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recording vocals


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i know this is not an audio forum but hey, you guys rock :D


using my new behringer mic i got for CHRISTmas, i'm finally able to do some demo stuff. i have a moderate voice - occasionally getting lessons, but if it sucks i know what to do to fix it up. so besides singing well, how do i make my voice sound better in my demos? i'm probably leaning more towards what type of reverb to use (in detail) or eq. i'm using cubase VST and have a tenor range (a little like robbie williams). ta in advance.


pray for peace,

kendall :)

"Consider how much coffee you're drinking - it's probably not enough."
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Hi Empress,

in two words, you can't. There isn't a way, as far as i know anyways, to do that...too much latency, etc....unless you are using a DSP equipped card that enables real-time effects while tracking....DSP Factory? i don't think it can, but i could be wrong....



that mic has a frequency response sort of in between a SM57 and a 58....being in very close to it is going to bump up the low end (proximity effect) quite a bit, and possibly muddy up your track, depending on how much low end is in your voice already. Experiment a bit with distance. As far as reverbs go, very dependant on the track itself. If it's kind of loungy and laid back, not a real dense mix, you can probably get a little more playful with the verbs. Try a Hall or Plate setting, maybe 1.2 - 2.0 seconds of decay depending on the tempo of the song (slower song = longer reverb tails usually). Keep the reverb at 100% wet, and adjust your send bit by bit until it sits nice and sounds great...now back it off just a hair...normally, when you're first starting to work with your voice, the temptation is to lay the reverb on ....go easy... it's there to create depth, not to put you in a cathedral everytime. For eq's, cut off as much of the real low end as you can without sounding thin..this'll leave room for drums and bass, and the low end of the guitars...a little boost around 1.6 -3.0 khz should give you a bit more presence if you need it, and if you're very careful, a high shelf eq boost (maybe 2 db or so) at around 10 or 11 kHz can give it a little air...avoid using really narrow Q's too, they can sound really odd unless you know exactly what you're doing.....and compression....don't forget that...it helps immensely. Start with a 4:1 ration, 20-40ms attack, mess around with the decay in the 125-300 ms range, again, depending on the way the vocals go, and adjust the threshold until you're getting about 4 or 5 db of compression. This should give you a decent start anyways.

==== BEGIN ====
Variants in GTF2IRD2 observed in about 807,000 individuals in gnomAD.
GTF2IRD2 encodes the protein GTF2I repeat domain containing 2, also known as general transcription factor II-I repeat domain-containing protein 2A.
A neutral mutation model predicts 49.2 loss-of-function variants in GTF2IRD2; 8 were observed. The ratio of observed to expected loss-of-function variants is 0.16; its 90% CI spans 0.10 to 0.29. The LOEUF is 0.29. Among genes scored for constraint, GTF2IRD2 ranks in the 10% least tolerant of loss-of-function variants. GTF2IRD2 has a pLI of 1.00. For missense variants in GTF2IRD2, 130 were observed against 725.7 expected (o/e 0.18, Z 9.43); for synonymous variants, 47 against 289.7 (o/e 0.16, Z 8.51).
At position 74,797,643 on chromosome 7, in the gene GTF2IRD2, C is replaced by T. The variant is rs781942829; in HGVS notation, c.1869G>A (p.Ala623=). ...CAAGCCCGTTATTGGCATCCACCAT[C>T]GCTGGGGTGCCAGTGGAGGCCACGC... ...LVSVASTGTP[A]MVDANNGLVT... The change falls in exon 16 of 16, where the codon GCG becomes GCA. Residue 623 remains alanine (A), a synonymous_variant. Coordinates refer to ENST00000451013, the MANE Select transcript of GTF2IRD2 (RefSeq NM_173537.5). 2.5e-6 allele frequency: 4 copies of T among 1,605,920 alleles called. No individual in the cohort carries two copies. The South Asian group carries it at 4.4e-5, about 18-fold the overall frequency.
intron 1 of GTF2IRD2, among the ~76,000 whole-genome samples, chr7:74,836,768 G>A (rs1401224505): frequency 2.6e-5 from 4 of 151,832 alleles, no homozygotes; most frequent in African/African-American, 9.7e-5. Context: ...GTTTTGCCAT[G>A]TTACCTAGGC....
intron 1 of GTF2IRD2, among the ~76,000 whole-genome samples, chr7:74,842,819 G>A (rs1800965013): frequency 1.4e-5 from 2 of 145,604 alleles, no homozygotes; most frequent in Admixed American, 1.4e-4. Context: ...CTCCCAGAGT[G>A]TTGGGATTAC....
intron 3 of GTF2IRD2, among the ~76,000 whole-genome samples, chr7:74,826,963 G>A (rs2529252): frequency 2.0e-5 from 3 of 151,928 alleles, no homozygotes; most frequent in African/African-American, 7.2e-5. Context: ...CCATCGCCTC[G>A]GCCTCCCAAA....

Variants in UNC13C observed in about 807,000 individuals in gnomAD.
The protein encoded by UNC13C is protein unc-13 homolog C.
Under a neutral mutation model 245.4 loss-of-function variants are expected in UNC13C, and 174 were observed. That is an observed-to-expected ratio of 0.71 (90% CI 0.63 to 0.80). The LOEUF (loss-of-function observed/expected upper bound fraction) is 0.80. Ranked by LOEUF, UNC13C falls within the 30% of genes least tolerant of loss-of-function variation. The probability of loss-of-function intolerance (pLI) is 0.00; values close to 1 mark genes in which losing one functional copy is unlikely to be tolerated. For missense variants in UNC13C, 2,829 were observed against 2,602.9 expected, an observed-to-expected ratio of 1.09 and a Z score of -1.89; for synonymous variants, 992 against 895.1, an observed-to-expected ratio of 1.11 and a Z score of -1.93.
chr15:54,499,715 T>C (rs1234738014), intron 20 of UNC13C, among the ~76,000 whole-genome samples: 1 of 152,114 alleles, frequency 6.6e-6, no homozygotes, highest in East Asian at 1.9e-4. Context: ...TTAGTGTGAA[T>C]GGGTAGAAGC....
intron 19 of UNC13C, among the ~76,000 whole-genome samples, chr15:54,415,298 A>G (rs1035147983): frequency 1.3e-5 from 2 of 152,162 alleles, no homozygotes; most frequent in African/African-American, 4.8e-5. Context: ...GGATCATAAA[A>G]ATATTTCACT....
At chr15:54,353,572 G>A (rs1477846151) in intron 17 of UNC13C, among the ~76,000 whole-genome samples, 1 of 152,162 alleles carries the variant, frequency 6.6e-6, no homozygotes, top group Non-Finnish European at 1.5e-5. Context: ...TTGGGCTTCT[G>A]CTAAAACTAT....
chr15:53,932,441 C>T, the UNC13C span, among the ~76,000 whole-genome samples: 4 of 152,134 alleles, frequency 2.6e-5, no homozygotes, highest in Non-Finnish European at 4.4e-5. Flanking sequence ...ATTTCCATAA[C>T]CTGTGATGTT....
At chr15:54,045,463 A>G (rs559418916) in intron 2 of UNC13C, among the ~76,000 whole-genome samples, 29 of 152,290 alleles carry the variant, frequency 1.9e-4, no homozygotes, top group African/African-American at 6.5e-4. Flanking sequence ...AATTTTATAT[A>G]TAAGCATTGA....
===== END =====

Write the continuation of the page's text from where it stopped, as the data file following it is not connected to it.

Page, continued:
Hope that helps a bit,



Rule #2: Don't sweat the petty stuff, and don't pet the sweaty stuff.
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Originally posted by 1Empress_Scorpio:

Hello all :)


How can i use Cubase to record an instrument or voice (live) and applying an effect (reverb)-- while recording? Is this possible and will i be able to hear it with the effects used?


thank you,



The best thing is to use a hardware box. I used a lex mpx100, it works pretty well for vocals, i think.

Korg Kronos X73 / ARP Odyssey / Motif ES Rack / Roland D-05 / JP-08 / SE-05 / Jupiter Xm / Novation Mininova / NL2X / Waldorf Pulse II


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